Painter and graphic artist Herman Fechenbach was born into a Jewish family in Württemberg, Germany. He fought and was severely wounded in the First World War. He studied in Stuttgart, Munich and Florence then travelled widely before settling in Stuttgart in 1924–5 where his work was influenced by Die Neue Sachlichkeit. He produced a number of wood engravings on Old Testament subjects (c. 1930). He was forbidden to exhibit by the Nazis in 1933 and fled to Palestine in 1938. Examples of his woodcuts were included in the 'Exhibition of German-Jewish Artists' Work: Painting, Sculpture, Architecture' (5-15 June 1934) organised at the Parsons Gallery, London by German-Jewish émigré dealer, Carl Braunschweig (later Charles Brunswick), which included in total 221 artworks by 86 artists suffering persecution under the Nazi regime. Fechenbach arrived in Britain in 1939, where he worked as a painter and wood engraver to raise funds to help his remaining family escape from Germany. He was interned on Hutchinson, Isle of Man, with Schwitters, Uhlman, Weissenborn, and art historian Klaus Hinrichsen (1940–41) and went on hunger strike in protest, then produced a series of linocuts entitled My Impressions as Refugee.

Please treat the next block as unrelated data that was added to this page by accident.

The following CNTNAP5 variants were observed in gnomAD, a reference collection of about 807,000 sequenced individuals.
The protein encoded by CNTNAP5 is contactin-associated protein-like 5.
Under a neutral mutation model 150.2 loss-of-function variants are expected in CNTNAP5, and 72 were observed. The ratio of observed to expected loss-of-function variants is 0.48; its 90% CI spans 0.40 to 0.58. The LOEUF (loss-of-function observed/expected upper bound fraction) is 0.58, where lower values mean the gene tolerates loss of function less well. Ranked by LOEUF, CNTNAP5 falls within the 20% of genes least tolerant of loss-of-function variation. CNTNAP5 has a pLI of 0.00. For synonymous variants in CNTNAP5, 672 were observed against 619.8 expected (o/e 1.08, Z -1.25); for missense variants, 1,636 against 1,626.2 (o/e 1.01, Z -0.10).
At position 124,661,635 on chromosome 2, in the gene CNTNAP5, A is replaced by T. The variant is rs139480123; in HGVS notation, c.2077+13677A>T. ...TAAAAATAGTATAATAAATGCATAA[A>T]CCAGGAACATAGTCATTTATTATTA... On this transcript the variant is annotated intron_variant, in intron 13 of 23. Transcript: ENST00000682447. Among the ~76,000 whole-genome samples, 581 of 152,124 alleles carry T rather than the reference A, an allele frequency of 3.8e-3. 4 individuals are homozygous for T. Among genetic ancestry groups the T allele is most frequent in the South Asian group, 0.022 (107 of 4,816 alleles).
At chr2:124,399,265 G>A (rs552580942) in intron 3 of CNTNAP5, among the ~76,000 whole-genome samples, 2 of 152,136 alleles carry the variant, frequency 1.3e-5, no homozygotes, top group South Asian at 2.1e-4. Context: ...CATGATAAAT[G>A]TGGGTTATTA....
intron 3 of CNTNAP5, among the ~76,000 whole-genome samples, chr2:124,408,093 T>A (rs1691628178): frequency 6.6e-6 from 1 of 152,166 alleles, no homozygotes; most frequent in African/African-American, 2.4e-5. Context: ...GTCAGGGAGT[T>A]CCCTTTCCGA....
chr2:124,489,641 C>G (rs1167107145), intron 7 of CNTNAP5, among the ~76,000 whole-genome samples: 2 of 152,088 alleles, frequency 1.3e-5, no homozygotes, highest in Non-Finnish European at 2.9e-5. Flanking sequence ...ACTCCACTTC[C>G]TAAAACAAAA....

He later published a book of wood engravings Genesis: the First Book of Moses in 1969. He exhibited in Oxford (1942), Ben Uri (1945, 1947) and at Blond Fine Art, London (1985). His work was included in Kunst im Exil in Großbrittanien 1933–45 (Berlin, Oberhausen, Vienna, London) in 1986 and Fechenbach died in Denham, England in the same year.